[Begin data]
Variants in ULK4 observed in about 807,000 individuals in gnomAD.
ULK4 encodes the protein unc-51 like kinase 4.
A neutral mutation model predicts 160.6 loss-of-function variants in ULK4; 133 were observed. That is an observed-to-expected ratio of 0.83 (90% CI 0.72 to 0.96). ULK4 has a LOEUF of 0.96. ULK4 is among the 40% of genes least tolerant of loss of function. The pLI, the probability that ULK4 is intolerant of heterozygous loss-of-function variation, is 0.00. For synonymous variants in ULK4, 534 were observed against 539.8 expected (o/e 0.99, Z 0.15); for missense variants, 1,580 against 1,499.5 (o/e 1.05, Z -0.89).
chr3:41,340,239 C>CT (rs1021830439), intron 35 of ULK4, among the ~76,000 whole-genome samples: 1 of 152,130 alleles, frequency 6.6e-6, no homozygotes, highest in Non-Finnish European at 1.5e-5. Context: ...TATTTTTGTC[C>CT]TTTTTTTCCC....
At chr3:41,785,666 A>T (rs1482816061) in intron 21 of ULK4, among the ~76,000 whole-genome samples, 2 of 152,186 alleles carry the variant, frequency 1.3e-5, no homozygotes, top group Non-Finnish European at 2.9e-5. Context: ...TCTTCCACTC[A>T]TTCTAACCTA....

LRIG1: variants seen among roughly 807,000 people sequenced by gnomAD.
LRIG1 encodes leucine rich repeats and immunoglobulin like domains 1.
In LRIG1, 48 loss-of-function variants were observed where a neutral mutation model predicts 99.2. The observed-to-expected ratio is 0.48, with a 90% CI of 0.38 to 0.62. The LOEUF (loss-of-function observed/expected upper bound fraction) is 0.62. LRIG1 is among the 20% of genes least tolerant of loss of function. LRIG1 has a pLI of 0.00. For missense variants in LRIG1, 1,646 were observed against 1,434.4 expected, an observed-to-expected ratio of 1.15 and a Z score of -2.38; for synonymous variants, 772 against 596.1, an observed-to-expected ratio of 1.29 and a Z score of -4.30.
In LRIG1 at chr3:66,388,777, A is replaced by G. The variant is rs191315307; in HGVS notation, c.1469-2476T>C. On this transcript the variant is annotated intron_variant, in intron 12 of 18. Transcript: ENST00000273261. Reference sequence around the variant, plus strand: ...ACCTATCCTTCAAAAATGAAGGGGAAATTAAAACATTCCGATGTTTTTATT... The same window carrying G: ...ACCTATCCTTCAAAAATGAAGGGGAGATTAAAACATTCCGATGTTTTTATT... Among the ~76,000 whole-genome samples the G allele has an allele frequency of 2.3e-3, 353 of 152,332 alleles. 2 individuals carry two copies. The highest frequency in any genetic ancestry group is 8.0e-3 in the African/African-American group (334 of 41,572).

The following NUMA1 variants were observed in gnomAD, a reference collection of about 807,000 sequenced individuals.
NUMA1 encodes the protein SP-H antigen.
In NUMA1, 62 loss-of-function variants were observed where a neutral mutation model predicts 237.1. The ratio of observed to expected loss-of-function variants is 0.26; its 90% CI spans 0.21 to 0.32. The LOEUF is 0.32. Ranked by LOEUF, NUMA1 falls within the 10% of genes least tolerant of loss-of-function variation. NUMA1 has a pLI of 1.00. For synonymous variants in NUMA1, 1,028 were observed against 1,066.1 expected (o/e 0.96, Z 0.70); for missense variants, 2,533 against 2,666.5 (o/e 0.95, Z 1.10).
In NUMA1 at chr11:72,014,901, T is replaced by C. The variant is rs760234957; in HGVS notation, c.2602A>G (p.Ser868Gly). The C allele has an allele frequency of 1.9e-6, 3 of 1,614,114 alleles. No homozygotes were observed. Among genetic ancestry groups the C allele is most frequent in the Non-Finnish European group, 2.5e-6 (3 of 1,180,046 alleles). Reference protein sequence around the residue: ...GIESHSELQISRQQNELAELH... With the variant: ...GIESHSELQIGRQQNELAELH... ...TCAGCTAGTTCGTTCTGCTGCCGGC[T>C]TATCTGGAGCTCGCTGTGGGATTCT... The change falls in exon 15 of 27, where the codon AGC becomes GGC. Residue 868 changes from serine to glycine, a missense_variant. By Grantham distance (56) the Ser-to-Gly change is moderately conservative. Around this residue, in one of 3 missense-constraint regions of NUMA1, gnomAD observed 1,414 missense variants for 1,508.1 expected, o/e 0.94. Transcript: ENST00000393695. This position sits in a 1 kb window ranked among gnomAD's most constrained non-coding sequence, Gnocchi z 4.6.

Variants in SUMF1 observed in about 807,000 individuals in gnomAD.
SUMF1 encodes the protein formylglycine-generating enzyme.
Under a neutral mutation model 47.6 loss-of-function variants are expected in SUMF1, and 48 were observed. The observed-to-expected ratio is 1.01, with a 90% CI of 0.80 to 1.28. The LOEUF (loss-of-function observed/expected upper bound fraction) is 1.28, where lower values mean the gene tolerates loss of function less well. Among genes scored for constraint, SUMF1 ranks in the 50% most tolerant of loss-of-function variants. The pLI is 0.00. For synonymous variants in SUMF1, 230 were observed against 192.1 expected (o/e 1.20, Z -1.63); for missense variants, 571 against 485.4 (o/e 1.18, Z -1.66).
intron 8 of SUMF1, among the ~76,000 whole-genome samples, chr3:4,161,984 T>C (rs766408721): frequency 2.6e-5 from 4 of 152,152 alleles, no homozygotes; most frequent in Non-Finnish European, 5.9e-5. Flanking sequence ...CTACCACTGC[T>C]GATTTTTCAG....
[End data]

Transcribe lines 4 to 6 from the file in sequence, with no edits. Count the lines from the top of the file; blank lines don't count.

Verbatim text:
chr3:41,340,239 C>CT (rs1021830439), intron 35 of ULK4, among the ~76,000 whole-genome samples: 1 of 152,130 alleles, frequency 6.6e-6, no homozygotes, highest in Non-Finnish European at 1.5e-5. Context: ...TATTTTTGTC[C>CT]TTTTTTTCCC....
At chr3:41,785,666 A>T (rs1482816061) in intron 21 of ULK4, among the ~76,000 whole-genome samples, 2 of 152,186 alleles carry the variant, frequency 1.3e-5, no homozygotes, top group Non-Finnish European at 2.9e-5. Context: ...TCTTCCACTC[A>T]TTCTAACCTA....

LRIG1: variants seen among roughly 807,000 people sequenced by gnomAD.